6

….

“Do you think matter has cohered together from its diffuse float, and the soil is on the surface, and water runs and vegetation sprouts,

For you only, and not for him and her?

7

A man’s body at auction,

….

Gentlemen look on this wonder,

Whatever the bids of the bidders they cannot be high enough for it,

….

Within there runs blood,

The same old blood! the same red-running blood!

There swells and jets a heart, there all passions, desires, reachings, aspirations,

(Do you think they are not there because they are not express’d in parlors and lecture-rooms?)

This is not only one man, this the father of those who shall be fathers in their turns,

In him the start of populous states and rich republics,

Of him countless immortal lives with countless embodiments and enjoyments.

How do you know who shall come from the offspring of his offspring through the centuries?

(Who might you find you have come from yourself, if you could trace back through the centuries?)

8

A woman’s body at auction,

She too is not only herself, she is the teeming mother of mothers,

She is the bearer of them that shall grow and be mates to the mothers.

Have you ever loved the body of a woman?

Have you ever loved the body of a man?

Do you not see that these are exactly the same to all in all nations and times all over the earth?

If any thing is sacred the human body is sacred,”

 

– excerpts (abridged) from “I Sing The Body Electric” by Walt Whitman

 

The first edition of Leaves of Grass (published in 1855) contained twelve unnamed poems in 95 pages. It was a collection intended to fit in someone’s pocket. Right off the bat, Whitman had critics – and those critics included luminaries like Willa Cather (who called him “that dirty old man,” “the poet of the dung hill as well as the mountains,” and compared one of his poems to what would happen “If a joyous elephant should break forth into song….” But, among his fans, was Whitman’s inspiration: Ralph Waldo Emerson. Emerson’s approval inspired Whitman to not only produce a second edition of Leaves of Grass (published in 1856), but to add poems and increase the number of pages to 384. He did not stop there, however. After “33 y’rs of hackiling at it” (according to a letter Whitman wrote to a friend) – or after “thirty-five or forty years” (as announced in the New York Herald) – Whitman released the sixth, seventh, or ninth edition (depending on how you count) shortly before his death. This 1892 edition is referred to as the “deathbed edition” and contained almost 400 poems.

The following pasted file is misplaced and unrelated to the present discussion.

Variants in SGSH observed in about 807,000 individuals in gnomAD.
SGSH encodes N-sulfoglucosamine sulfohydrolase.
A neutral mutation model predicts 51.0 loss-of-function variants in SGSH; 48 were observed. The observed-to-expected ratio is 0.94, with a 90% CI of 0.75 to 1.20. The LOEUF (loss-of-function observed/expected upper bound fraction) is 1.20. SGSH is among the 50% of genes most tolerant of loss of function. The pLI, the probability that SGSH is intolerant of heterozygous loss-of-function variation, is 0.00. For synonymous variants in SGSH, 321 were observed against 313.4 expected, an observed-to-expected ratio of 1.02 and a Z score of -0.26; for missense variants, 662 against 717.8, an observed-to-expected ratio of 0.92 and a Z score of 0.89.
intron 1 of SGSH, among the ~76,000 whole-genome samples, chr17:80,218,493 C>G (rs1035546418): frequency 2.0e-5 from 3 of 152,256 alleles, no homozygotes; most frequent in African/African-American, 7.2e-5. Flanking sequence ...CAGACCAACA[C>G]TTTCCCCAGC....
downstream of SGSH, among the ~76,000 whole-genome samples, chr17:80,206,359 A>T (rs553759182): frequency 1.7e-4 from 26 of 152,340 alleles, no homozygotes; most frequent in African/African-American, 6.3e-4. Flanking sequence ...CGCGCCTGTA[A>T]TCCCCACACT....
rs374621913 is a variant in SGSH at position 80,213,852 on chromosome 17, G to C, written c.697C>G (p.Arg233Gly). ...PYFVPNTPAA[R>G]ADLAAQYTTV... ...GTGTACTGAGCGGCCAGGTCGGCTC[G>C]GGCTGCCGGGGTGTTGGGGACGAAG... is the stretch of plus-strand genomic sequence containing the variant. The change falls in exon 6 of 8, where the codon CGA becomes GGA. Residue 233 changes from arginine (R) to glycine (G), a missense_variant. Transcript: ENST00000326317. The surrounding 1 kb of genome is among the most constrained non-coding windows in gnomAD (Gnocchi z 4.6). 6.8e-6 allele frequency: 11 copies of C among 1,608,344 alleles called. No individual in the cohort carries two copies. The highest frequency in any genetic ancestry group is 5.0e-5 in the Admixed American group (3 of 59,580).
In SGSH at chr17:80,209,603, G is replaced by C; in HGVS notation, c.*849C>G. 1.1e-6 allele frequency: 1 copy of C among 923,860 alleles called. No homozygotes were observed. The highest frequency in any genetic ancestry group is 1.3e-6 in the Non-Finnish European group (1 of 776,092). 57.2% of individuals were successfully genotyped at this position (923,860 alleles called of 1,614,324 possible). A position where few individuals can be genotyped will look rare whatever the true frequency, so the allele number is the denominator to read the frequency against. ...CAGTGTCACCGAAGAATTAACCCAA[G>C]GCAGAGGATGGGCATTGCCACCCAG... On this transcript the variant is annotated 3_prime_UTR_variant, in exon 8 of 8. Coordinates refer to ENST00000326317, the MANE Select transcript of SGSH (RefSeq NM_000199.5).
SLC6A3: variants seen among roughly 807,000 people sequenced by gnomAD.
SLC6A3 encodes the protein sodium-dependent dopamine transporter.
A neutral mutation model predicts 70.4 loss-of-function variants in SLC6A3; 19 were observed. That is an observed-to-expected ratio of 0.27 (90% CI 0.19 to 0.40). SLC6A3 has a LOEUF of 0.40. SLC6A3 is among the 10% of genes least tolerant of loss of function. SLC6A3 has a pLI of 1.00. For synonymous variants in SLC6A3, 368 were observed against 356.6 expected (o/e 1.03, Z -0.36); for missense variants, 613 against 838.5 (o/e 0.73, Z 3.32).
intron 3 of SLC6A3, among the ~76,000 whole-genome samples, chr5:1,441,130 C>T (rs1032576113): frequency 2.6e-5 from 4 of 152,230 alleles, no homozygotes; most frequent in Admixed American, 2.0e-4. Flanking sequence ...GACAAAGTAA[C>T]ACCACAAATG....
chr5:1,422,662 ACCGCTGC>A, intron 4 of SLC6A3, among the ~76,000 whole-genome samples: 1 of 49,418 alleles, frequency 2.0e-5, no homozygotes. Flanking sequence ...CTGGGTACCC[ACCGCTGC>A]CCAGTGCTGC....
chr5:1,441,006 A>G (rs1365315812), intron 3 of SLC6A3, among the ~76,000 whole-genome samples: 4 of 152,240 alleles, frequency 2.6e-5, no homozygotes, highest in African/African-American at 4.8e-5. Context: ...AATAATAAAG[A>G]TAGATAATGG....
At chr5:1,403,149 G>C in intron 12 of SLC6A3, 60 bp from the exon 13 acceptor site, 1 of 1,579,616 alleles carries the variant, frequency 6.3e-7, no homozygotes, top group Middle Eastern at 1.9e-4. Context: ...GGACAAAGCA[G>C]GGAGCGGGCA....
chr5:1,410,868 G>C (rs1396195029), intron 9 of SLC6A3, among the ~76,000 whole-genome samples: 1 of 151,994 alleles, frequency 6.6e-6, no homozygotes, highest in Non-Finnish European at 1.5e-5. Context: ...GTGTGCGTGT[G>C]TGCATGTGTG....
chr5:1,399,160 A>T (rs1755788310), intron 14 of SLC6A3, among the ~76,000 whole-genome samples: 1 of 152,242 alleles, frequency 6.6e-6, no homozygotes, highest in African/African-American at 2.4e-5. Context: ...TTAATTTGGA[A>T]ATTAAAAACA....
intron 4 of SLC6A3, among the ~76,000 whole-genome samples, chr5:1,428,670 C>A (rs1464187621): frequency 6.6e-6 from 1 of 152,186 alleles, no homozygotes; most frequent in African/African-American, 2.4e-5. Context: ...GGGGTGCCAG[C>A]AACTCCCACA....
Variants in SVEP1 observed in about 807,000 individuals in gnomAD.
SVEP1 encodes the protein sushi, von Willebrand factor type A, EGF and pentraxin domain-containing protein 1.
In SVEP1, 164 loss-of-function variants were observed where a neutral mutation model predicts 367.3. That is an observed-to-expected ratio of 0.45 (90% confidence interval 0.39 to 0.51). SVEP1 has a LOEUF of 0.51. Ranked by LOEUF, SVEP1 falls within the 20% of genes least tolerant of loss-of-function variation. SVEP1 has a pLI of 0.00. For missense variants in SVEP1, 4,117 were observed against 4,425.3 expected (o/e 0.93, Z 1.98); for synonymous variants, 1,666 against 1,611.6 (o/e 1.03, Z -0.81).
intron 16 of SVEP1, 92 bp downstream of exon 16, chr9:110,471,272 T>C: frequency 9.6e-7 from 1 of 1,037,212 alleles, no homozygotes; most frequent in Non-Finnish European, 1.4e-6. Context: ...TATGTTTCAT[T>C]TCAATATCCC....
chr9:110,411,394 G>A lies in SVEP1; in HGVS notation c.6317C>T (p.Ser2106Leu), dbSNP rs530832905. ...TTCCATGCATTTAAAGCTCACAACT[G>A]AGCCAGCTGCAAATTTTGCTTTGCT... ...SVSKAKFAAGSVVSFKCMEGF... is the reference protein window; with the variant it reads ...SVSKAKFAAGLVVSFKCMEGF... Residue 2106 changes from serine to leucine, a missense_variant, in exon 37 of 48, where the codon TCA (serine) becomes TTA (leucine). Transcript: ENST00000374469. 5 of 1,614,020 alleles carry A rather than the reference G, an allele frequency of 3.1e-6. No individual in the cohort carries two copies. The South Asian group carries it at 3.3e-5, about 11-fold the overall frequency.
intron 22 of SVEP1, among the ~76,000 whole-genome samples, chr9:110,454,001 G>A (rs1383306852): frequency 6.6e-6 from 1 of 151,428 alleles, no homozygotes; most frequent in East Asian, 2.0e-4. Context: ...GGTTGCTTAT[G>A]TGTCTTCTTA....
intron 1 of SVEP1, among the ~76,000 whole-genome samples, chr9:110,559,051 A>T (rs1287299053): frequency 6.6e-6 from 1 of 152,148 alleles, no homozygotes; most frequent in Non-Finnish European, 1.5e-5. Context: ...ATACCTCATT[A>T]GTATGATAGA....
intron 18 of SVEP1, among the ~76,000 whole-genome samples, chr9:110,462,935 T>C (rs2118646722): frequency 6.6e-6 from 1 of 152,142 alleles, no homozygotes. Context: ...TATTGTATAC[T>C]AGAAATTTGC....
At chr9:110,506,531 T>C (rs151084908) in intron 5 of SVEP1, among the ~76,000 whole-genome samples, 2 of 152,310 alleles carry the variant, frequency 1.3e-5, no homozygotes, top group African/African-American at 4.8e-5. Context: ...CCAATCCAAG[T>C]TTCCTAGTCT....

In a mini biography for Biography, Dr. Robert Hudspeth, Research Professor of English at Claremont Graduate University, said, “Whitman was called ‘The Bard of Democracy’ because all of his poems are based on the notion of a universal brotherhood. He thought that the possibility of America was to achieve a brotherhood that no other culture had yet been able to achieve.” This view of what the country could be was a true melting pot – that is to say, a heterogeneous society becoming a homogeneous society by virtue of all the cultures melting together to form something new. Whitman saw the ideal (American) society as one where everyone recognized the value and humanity of everyone else. What he saw around him, however, was that the-pot-on-the-flame that is society was boiling over. Instead of coming together, melding together, everything (and everyone) in the proverbial pot was churning in a way that overflowed; meaning, some things (and some people) were getting pushed out of the coming together process. The country was becoming homogeneous not because it was melding together, but because it was excluding certain aspects that made it heterogeneous.

Whitman tried, he really did, but ultimately, he could not get enough people to pay attention to what was happening around them. People, even back in the 1800’s, were distracted by his sexuality and the sensual nature of the poems. Writers like Willa Cather referred to his work as “ridiculous” and people in power (including the head of the Department of the Interior, for which he worked) called Leaves of Grass offensive, filthy, and/or sinful (especially to Christians). As harsh as some of that sounds, these are some of the least caustic reviews. (Much worse was actually printed in the press.)